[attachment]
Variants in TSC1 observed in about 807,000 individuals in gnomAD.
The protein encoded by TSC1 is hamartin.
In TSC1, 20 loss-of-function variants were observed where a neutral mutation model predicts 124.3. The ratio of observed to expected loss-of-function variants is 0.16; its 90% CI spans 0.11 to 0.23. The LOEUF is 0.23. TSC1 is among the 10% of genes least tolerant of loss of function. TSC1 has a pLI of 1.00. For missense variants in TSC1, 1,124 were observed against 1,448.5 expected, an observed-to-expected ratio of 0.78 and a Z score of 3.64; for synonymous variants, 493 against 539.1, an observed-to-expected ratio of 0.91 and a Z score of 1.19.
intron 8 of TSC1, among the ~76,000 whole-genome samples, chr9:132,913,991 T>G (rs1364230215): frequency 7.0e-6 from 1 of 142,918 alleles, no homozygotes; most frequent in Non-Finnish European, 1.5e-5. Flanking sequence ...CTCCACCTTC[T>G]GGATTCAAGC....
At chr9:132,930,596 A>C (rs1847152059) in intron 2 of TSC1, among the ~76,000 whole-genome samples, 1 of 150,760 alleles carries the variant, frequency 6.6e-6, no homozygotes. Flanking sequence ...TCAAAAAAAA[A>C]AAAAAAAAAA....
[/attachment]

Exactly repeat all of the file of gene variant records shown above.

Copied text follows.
Variants in TSC1 observed in about 807,000 individuals in gnomAD.
The protein encoded by TSC1 is hamartin.
In TSC1, 20 loss-of-function variants were observed where a neutral mutation model predicts 124.3. The ratio of observed to expected loss-of-function variants is 0.16; its 90% CI spans 0.11 to 0.23. The LOEUF is 0.23. TSC1 is among the 10% of genes least tolerant of loss of function. TSC1 has a pLI of 1.00. For missense variants in TSC1, 1,124 were observed against 1,448.5 expected, an observed-to-expected ratio of 0.78 and a Z score of 3.64; for synonymous variants, 493 against 539.1, an observed-to-expected ratio of 0.91 and a Z score of 1.19.
intron 8 of TSC1, among the ~76,000 whole-genome samples, chr9:132,913,991 T>G (rs1364230215): frequency 7.0e-6 from 1 of 142,918 alleles, no homozygotes; most frequent in Non-Finnish European, 1.5e-5. Flanking sequence ...CTCCACCTTC[T>G]GGATTCAAGC....
At chr9:132,930,596 A>C (rs1847152059) in intron 2 of TSC1, among the ~76,000 whole-genome samples, 1 of 150,760 alleles carries the variant, frequency 6.6e-6, no homozygotes. Flanking sequence ...TCAAAAAAAA[A>C]AAAAAAAAAA....